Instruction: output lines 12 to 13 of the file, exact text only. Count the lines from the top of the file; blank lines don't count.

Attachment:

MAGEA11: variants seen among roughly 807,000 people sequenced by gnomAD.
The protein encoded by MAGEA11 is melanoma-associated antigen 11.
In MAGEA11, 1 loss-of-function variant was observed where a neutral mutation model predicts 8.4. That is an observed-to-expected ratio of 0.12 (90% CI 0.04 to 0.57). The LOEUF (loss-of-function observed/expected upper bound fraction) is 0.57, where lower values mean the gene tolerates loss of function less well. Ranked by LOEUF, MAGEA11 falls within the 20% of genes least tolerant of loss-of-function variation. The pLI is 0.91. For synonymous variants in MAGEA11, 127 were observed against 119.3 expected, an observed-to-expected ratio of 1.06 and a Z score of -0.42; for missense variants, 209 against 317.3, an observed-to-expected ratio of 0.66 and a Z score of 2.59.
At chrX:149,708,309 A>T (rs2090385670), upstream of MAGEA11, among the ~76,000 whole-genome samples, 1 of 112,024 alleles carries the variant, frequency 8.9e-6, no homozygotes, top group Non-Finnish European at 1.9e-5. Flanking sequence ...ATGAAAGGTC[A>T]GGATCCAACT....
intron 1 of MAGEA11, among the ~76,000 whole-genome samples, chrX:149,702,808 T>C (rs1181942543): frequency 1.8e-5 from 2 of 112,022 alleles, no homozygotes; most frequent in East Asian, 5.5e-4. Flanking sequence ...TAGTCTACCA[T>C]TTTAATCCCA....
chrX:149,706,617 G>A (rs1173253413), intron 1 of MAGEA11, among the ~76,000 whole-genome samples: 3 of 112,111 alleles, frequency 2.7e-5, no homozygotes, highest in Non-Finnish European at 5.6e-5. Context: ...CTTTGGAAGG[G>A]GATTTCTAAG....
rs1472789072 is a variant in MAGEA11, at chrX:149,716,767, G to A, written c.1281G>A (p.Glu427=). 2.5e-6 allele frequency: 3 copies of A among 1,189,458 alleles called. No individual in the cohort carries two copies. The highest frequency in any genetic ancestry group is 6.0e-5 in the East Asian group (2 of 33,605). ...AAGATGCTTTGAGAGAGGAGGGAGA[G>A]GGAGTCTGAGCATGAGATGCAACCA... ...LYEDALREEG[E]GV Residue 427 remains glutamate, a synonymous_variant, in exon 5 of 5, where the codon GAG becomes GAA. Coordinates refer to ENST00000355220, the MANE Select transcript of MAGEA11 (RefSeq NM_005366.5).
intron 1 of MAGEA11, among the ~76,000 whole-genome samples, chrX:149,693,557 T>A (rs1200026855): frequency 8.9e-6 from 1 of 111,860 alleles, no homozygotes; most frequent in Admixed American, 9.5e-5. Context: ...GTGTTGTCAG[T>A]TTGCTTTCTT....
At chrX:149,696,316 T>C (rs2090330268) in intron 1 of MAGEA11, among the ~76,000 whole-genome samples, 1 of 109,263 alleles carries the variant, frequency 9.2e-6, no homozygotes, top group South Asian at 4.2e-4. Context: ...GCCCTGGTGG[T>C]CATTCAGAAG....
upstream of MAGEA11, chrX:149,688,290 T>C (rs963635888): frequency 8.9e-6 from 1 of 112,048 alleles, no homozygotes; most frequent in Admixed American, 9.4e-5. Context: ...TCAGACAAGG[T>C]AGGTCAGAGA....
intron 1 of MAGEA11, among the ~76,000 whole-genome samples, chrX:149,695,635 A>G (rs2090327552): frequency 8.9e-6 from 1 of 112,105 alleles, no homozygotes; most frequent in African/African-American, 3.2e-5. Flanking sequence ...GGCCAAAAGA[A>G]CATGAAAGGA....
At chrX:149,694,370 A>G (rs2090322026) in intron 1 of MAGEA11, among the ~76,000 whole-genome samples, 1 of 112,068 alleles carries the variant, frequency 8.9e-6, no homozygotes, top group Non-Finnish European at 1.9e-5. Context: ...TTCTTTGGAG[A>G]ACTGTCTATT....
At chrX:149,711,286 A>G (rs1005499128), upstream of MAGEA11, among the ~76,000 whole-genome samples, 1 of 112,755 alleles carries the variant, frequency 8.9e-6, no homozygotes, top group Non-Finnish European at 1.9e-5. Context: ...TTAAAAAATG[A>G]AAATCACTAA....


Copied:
At chrX:149,694,370 A>G (rs2090322026) in intron 1 of MAGEA11, among the ~76,000 whole-genome samples, 1 of 112,068 alleles carries the variant, frequency 8.9e-6, no homozygotes, top group Non-Finnish European at 1.9e-5. Context: ...TTCTTTGGAG[A>G]ACTGTCTATT....
At chrX:149,711,286 A>G (rs1005499128), upstream of MAGEA11, among the ~76,000 whole-genome samples, 1 of 112,755 alleles carries the variant, frequency 8.9e-6, no homozygotes, top group Non-Finnish European at 1.9e-5. Context: ...TTAAAAAATG[A>G]AAATCACTAA....